Fresno Assemblymember Joaquin Arambula has introduced a new bill that would establish a labor trafficking unit within Cal/OSHA to investigate and prosecute people who force or manipulate vulnerable people into jobs with little or no pay, often under unsafe working conditions.
The bill is co-sponsored by the Western Center on Law and Poverty and the Sunita Jain Anti-Trafficking Policy Initiative at Loyola Law School.
“We must establish a Labor Trafficking Unit to help stop this cruel and inhumane treatment of workers who only want to make a living and provide for their families,” the Democratic lawmaker said. “For the first time, California would have a unit specifically assigned to investigate and prosecute unscrupulous perpetrators.”
The bill authors said that, while the state has primarily focused its efforts and attention to sex trafficking over the years, there has been no solid effort focused on labor trafficking.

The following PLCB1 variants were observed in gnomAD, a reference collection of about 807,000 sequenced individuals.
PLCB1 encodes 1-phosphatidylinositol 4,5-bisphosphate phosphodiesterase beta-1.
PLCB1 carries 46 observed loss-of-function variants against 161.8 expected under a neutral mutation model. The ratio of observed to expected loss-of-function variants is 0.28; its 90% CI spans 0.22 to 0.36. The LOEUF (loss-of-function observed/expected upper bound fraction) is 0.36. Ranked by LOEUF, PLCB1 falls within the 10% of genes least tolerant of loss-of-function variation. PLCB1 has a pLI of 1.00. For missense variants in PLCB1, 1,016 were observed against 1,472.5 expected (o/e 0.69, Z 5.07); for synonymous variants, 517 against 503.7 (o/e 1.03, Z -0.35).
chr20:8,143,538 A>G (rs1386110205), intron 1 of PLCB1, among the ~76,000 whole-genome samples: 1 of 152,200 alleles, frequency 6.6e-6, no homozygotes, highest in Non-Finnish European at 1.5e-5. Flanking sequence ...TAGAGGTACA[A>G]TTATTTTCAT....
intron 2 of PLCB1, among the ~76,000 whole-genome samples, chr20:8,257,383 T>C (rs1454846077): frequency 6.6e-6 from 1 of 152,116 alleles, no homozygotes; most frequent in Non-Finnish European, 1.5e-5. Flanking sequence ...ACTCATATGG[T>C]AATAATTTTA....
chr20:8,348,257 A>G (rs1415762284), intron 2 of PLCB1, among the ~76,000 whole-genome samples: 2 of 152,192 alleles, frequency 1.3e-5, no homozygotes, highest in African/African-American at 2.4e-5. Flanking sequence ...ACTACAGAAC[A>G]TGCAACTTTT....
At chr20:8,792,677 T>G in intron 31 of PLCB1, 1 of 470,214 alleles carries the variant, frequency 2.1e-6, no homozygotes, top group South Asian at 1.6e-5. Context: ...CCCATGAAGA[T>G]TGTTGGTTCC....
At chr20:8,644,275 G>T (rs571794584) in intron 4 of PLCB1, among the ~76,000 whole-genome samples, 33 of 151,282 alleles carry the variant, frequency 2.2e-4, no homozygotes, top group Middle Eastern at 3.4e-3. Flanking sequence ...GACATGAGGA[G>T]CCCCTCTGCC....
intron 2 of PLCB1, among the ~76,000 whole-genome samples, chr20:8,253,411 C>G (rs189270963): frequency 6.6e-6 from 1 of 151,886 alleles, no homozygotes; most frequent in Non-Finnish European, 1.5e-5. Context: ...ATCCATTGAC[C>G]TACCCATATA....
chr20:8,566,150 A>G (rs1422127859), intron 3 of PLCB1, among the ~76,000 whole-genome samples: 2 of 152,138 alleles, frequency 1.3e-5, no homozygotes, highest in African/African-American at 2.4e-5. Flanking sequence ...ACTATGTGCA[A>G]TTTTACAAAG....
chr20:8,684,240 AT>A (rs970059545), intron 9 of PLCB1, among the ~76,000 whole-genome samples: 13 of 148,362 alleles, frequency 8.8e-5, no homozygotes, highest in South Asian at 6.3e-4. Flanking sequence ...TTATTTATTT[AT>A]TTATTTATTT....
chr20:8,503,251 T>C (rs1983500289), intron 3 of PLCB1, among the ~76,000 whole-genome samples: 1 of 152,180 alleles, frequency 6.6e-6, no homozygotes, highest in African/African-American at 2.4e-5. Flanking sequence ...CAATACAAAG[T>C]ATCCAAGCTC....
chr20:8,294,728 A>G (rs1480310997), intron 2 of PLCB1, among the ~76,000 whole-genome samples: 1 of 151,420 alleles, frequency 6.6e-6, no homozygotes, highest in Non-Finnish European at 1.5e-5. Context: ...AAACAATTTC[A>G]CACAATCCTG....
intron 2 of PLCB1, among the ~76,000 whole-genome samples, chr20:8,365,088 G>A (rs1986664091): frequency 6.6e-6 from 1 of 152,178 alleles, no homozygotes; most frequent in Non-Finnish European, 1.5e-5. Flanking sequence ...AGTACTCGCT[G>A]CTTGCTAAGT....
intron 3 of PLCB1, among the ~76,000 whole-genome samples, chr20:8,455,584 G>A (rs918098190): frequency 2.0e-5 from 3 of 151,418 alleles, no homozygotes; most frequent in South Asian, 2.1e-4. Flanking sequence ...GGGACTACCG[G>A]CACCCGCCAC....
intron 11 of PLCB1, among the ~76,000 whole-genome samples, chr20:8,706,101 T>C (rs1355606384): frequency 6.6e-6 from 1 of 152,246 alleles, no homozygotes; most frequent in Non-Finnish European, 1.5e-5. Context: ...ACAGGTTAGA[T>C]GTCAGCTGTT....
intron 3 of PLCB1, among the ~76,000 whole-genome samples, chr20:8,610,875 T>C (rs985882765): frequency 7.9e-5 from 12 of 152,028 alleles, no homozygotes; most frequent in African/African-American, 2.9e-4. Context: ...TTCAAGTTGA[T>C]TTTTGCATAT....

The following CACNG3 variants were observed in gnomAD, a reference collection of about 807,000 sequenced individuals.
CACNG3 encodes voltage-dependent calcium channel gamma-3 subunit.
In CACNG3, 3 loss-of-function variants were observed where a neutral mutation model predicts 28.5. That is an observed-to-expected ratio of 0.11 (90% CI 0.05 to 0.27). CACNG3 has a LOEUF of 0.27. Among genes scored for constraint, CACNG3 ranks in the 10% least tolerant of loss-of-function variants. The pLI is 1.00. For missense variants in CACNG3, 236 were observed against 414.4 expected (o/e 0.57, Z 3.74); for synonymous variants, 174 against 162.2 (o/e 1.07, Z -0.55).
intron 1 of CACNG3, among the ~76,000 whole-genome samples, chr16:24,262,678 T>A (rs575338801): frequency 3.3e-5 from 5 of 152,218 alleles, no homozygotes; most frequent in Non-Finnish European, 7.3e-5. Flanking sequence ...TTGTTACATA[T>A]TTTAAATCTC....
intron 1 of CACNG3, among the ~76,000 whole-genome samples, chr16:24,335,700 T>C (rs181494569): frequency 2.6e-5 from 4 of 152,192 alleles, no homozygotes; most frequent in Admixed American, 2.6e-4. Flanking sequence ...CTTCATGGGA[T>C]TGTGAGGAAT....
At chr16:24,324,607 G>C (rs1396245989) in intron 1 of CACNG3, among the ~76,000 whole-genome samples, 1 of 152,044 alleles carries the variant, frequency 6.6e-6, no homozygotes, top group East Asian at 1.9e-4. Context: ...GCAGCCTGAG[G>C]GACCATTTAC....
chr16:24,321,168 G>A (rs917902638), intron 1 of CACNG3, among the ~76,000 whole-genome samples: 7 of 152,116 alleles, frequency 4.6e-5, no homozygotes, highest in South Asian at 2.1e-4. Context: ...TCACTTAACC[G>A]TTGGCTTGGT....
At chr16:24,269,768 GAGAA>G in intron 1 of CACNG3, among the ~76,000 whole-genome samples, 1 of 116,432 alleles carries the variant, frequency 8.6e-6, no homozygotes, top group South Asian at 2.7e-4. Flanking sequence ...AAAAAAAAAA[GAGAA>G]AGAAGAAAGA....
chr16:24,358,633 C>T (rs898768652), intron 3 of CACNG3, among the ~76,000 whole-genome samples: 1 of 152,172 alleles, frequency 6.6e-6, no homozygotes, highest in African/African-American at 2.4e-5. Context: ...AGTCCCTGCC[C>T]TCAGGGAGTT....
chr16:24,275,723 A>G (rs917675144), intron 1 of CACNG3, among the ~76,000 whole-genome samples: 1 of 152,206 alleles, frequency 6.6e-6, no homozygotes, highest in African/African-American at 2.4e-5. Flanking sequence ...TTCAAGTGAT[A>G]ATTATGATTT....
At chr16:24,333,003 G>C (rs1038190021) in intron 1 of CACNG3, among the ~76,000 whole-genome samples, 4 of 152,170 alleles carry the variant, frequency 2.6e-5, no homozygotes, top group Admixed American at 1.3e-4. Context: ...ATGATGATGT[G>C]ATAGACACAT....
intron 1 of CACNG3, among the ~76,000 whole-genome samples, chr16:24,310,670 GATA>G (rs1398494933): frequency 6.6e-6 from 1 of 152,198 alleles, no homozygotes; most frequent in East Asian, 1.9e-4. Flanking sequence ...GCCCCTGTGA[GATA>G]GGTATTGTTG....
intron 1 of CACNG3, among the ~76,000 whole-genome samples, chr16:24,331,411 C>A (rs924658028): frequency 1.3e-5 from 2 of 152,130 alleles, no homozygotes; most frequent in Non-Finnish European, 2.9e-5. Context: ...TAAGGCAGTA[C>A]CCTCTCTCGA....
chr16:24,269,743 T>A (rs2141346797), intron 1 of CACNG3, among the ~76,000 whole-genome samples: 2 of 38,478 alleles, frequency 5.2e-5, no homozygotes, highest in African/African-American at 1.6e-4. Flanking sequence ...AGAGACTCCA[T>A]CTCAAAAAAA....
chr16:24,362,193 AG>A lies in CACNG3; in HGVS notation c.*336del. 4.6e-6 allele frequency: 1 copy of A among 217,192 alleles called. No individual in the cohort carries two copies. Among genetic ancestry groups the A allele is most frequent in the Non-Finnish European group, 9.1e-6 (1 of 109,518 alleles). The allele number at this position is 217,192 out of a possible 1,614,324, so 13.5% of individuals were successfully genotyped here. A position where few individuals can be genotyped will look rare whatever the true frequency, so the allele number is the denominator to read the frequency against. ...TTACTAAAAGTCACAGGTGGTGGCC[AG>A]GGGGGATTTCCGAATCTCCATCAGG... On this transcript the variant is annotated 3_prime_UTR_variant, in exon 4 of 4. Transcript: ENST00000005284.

If the bill passes, the unit would reside under the California Department of Industrial Relations as a subdivision of Cal/OSHA and would investigate and prosecute complaints alleging labor trafficking.
California first enacted anti-trafficking laws 15 years ago, yet no state agency currently has a mandate to look for labor trafficking.
“Despite some progress, California continues to have the highest number of victims of human trafficking in the U.S. over the last two decades,” said Joseph Villela, policy director at Loyola Law School’s Sunita Jain Anti-Trafficking Policy Initiative.
The U.S. Department of Justice defines human trafficking as a crime that involves exploiting a person for labor, services or commercial sex.
According to the Department of Industrial Relations, human trafficking is the world’s fastest-growing criminal enterprise and is an estimated $32 billion-a-year global industry.
ARTICLE: PAUL MURDOCH
MANAGING EDITOR: CARSON CHOATE
PHOTO CREDITS: OC REGISTER